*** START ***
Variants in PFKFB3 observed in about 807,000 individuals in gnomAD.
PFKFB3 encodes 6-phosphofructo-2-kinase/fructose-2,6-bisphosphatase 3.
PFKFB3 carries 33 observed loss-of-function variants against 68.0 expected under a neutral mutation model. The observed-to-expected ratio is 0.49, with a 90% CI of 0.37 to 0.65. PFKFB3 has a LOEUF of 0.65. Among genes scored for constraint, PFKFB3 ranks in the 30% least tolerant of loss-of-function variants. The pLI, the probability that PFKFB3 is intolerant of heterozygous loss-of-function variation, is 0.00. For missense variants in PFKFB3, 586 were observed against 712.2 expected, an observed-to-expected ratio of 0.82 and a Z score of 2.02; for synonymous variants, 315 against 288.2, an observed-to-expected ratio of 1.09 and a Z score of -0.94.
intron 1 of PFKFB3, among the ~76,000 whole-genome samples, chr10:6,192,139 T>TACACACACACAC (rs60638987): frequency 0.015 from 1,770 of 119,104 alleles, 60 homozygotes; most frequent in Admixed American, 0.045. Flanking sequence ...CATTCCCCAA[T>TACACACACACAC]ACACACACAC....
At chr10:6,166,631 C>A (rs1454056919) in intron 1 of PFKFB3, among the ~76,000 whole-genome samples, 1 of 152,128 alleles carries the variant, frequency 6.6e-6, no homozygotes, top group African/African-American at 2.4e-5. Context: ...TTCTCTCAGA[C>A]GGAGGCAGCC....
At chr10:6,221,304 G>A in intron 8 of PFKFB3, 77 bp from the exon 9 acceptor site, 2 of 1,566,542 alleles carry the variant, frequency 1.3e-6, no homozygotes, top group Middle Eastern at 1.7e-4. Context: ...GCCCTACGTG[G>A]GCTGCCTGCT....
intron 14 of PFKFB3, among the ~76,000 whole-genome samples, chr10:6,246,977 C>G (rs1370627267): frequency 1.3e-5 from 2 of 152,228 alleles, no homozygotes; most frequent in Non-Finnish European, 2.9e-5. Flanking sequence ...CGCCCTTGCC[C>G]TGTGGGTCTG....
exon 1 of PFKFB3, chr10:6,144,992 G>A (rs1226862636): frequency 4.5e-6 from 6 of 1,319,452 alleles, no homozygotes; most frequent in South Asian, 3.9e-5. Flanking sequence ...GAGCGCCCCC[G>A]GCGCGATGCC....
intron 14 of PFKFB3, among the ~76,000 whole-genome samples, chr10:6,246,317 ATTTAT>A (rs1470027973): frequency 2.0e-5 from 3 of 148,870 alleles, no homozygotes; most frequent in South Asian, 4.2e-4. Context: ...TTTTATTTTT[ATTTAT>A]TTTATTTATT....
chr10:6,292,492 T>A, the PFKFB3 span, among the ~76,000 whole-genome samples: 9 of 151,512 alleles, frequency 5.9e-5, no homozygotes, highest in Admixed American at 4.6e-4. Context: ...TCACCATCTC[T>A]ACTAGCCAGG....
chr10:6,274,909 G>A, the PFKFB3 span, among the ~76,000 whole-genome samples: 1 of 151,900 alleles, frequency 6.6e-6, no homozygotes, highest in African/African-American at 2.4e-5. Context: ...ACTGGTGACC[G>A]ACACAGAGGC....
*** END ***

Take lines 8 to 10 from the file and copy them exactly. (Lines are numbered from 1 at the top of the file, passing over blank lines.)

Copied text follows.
exon 1 of PFKFB3, chr10:6,144,992 G>A (rs1226862636): frequency 4.5e-6 from 6 of 1,319,452 alleles, no homozygotes; most frequent in South Asian, 3.9e-5. Flanking sequence ...GAGCGCCCCC[G>A]GCGCGATGCC....
intron 14 of PFKFB3, among the ~76,000 whole-genome samples, chr10:6,246,317 ATTTAT>A (rs1470027973): frequency 2.0e-5 from 3 of 148,870 alleles, no homozygotes; most frequent in South Asian, 4.2e-4. Context: ...TTTTATTTTT[ATTTAT>A]TTTATTTATT....
chr10:6,292,492 T>A, the PFKFB3 span, among the ~76,000 whole-genome samples: 9 of 151,512 alleles, frequency 5.9e-5, no homozygotes, highest in Admixed American at 4.6e-4. Context: ...TCACCATCTC[T>A]ACTAGCCAGG....